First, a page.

2016 Facts & Figures

A fact sheet of relevant information for parents and students 

  • Historically Black colleges and universities (HBCUs) are institutions that were established prior to 1964 with the principal mission of educating Black Americans.
  • These institutions were founded and developed in an environment of legal segregation and, by providing access to higher education, contributed substantially to the education of the underprivileged. 
  • In 2015, there were 102 HBCUs located in 19 states, the District of Columbia, and the U.S. Virgin Islands. Of the 102 HBCUs, 51 were public institutions and 51 were private nonprofit institutions to the progress Blacks have made in improving their status.
  • The number of students enrolled at HBCUs rose by 32 percent between 1976 and 2015, from 223,000 to 293,000 (source). In comparison, total enrollment in degree-granting institutions increased by 81 percent, from 11 million to 20 million, during that period.
  • Although HBCUs were originally founded to educate Black students, they have historically enrolled students of other races as well. This diversity has increased over time.
  • In 2015, non-Black students made up 22 percent of enrollment at HBCUs, compared with 15 percent in 1976 (source). Enrollment at HBCUs in 2015 was 61 percent female, up from 53 percent in 1976 (source). Also in 2015, some 87 percent of HBCU students attended a 4-year institution, while 13 percent attended a 2-year institution (source). About 75 percent of HBCU students attended public institutions, while the remaining 25 percent attended private nonprofit institutions. Among Black students, the percentage enrolled at HBCUs fell over time, from 18 percent in 1976 to 9 percent in 2015.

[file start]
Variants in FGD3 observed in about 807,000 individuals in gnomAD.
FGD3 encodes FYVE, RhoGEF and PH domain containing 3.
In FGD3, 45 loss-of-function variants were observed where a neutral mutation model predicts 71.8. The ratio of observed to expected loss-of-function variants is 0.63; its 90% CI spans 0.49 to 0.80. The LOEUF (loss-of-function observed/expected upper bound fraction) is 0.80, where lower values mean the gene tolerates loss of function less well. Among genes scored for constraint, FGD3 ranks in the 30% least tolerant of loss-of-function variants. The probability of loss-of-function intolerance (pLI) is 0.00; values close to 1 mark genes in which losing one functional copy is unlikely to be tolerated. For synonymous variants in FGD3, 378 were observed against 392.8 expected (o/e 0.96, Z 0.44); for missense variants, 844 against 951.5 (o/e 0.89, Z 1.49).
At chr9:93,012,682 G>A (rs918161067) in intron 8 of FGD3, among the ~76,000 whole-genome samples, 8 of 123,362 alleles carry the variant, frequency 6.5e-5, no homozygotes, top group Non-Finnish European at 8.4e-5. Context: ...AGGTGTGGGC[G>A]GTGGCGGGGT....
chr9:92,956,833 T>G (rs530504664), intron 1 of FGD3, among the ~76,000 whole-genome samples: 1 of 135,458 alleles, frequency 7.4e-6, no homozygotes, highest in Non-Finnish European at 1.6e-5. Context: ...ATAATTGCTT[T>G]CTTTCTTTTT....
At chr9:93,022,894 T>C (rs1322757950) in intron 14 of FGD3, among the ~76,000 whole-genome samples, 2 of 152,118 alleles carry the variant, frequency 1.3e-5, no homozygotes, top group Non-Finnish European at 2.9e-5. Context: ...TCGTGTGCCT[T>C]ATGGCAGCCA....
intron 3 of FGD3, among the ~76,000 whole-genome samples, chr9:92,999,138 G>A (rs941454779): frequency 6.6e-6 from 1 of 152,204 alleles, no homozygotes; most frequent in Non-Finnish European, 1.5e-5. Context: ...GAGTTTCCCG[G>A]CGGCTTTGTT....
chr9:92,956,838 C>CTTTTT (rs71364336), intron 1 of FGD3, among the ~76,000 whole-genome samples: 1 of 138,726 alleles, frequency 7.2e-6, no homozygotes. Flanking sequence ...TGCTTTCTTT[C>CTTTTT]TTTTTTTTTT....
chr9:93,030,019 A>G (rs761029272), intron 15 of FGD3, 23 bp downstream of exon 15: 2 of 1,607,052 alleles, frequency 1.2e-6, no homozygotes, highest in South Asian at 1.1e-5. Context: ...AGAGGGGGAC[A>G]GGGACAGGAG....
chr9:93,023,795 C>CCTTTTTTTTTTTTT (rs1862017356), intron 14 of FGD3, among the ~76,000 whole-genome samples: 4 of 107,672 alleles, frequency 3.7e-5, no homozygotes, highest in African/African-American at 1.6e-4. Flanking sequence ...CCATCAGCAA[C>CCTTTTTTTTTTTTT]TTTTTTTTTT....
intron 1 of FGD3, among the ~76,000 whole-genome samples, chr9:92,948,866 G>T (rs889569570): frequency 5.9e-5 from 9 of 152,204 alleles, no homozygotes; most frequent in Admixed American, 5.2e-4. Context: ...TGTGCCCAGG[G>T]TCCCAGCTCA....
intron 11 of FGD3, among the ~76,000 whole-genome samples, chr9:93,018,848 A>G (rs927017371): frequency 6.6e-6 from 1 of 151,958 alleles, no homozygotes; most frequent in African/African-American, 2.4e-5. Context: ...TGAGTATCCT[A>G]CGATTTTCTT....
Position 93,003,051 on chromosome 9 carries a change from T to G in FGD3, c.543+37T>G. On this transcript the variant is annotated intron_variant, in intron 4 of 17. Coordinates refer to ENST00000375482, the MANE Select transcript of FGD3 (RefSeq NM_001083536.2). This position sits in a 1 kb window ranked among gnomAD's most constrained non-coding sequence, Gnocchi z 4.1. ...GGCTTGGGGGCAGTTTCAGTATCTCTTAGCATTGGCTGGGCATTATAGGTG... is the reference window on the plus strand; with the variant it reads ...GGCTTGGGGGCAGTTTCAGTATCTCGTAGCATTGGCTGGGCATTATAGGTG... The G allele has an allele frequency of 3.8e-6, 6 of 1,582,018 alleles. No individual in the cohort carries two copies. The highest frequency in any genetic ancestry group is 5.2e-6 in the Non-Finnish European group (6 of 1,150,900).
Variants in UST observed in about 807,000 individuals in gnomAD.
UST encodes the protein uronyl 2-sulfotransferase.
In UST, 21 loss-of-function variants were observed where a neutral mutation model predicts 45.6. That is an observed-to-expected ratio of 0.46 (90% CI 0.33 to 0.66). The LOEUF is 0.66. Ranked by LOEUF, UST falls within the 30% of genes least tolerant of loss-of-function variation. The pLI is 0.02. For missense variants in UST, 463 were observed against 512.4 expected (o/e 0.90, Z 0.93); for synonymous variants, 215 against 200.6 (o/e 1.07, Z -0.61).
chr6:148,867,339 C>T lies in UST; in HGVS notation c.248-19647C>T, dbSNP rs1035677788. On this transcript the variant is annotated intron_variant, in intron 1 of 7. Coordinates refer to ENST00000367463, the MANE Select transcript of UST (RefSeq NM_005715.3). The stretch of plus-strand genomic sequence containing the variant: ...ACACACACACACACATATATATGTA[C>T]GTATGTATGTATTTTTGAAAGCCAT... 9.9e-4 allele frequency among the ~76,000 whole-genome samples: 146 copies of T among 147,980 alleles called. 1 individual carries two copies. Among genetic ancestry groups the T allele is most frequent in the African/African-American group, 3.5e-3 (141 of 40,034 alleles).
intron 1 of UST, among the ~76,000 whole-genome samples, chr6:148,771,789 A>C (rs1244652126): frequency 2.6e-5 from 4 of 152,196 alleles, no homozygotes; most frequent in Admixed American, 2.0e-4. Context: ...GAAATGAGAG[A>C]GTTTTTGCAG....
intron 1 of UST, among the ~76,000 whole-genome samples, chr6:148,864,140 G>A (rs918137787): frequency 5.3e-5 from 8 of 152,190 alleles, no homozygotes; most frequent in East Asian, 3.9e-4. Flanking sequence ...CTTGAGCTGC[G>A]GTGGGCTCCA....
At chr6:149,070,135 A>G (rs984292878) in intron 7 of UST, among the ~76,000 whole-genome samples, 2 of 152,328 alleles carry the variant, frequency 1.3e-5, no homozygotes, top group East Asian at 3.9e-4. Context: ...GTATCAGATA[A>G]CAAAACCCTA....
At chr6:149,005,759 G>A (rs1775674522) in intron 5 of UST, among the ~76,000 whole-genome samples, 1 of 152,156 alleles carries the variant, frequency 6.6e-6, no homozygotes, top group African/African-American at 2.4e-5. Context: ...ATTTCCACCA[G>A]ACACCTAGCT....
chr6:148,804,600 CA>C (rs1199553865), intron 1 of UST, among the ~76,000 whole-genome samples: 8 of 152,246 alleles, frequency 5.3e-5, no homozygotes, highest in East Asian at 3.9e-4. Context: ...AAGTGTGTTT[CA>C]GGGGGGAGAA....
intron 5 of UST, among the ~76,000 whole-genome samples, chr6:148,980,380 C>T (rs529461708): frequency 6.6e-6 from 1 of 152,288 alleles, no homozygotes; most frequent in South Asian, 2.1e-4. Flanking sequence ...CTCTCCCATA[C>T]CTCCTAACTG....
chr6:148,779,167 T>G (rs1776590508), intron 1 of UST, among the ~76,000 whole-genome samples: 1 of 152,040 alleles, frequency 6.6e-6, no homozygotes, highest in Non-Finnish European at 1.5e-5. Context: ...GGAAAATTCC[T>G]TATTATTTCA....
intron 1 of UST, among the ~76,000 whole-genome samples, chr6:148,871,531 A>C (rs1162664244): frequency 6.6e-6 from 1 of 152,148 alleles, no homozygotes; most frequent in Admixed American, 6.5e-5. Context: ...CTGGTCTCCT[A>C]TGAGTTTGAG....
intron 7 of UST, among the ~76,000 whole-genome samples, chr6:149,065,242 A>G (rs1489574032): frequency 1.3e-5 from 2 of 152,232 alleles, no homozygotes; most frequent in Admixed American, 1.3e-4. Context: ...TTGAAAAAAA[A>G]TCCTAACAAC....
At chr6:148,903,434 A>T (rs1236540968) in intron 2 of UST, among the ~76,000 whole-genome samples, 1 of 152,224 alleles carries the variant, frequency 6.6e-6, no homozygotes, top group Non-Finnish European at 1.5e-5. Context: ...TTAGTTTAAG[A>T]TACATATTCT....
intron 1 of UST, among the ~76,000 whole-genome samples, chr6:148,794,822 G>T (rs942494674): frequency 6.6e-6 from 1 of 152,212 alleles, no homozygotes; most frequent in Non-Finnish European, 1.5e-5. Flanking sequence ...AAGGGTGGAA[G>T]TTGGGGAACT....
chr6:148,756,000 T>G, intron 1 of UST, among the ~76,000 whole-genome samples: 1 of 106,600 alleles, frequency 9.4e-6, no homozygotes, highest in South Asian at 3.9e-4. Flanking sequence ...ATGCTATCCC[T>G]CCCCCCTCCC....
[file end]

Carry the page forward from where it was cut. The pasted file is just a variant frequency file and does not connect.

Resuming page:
• In 2014–15, most of the 48,000 degrees conferred by HBCUs were bachelor's degrees (70 percent) and master's degrees (15 percent). Black students earned 82 percent of the 33,400 bachelor's degrees conferred by HBCUs, and 73 percent of the 7,400 master's degrees conferred at these institutions. At both levels, a majority of these degrees were awarded to Black females.
  • Over time, the percentages of bachelor’s and master’s degrees awarded to Black students by HBCUs decreased in proportion to a decrease in enrollment over the span of time. For example, HBCUs awarded 35 percent of the bachelor’s degrees and 21 percent of the master's degrees Blacks earned in 1976–77, compared with 14 and 6 percent, respectively, of bachelor's and master's degrees Blacks earned in 2014–15 (source, source, source, and source). Additionally, the percentage of Black doctor’s degree recipients who received their degrees from HBCUs was lower in 2014–15 (12 percent) than in 1976–77 (14 percent) .
  • The total revenue for HBCUs in 2014–15 was $7.7 billion, with $1.8 billion from student tuition and fees. Total expenditures were $7.6 billion, of which $1.9 billion was spent on instruction.

(credit: NCES)

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